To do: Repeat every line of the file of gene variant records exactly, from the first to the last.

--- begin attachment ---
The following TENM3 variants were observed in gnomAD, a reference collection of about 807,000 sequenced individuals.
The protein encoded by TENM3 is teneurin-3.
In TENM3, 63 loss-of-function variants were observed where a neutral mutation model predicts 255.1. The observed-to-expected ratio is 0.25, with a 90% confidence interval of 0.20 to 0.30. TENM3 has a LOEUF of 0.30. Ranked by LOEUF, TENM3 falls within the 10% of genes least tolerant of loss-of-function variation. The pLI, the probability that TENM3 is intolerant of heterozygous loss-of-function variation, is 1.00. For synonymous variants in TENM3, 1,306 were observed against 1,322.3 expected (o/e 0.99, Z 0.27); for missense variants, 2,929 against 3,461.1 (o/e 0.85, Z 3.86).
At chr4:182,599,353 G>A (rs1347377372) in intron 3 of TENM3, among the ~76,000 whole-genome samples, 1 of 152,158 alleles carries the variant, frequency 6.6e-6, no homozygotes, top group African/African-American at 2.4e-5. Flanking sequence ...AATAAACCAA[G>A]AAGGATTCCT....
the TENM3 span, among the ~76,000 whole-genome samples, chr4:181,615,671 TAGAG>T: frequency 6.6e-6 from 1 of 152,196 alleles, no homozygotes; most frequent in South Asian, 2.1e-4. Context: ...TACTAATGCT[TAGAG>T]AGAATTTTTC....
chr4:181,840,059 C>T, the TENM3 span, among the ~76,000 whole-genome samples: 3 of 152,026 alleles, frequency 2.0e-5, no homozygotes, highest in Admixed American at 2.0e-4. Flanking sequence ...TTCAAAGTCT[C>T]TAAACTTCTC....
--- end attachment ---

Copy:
The following TENM3 variants were observed in gnomAD, a reference collection of about 807,000 sequenced individuals.
The protein encoded by TENM3 is teneurin-3.
In TENM3, 63 loss-of-function variants were observed where a neutral mutation model predicts 255.1. The observed-to-expected ratio is 0.25, with a 90% confidence interval of 0.20 to 0.30. TENM3 has a LOEUF of 0.30. Ranked by LOEUF, TENM3 falls within the 10% of genes least tolerant of loss-of-function variation. The pLI, the probability that TENM3 is intolerant of heterozygous loss-of-function variation, is 1.00. For synonymous variants in TENM3, 1,306 were observed against 1,322.3 expected (o/e 0.99, Z 0.27); for missense variants, 2,929 against 3,461.1 (o/e 0.85, Z 3.86).
At chr4:182,599,353 G>A (rs1347377372) in intron 3 of TENM3, among the ~76,000 whole-genome samples, 1 of 152,158 alleles carries the variant, frequency 6.6e-6, no homozygotes, top group African/African-American at 2.4e-5. Flanking sequence ...AATAAACCAA[G>A]AAGGATTCCT....
the TENM3 span, among the ~76,000 whole-genome samples, chr4:181,615,671 TAGAG>T: frequency 6.6e-6 from 1 of 152,196 alleles, no homozygotes; most frequent in South Asian, 2.1e-4. Context: ...TACTAATGCT[TAGAG>T]AGAATTTTTC....
chr4:181,840,059 C>T, the TENM3 span, among the ~76,000 whole-genome samples: 3 of 152,026 alleles, frequency 2.0e-5, no homozygotes, highest in Admixed American at 2.0e-4. Flanking sequence ...TTCAAAGTCT[C>T]TAAACTTCTC....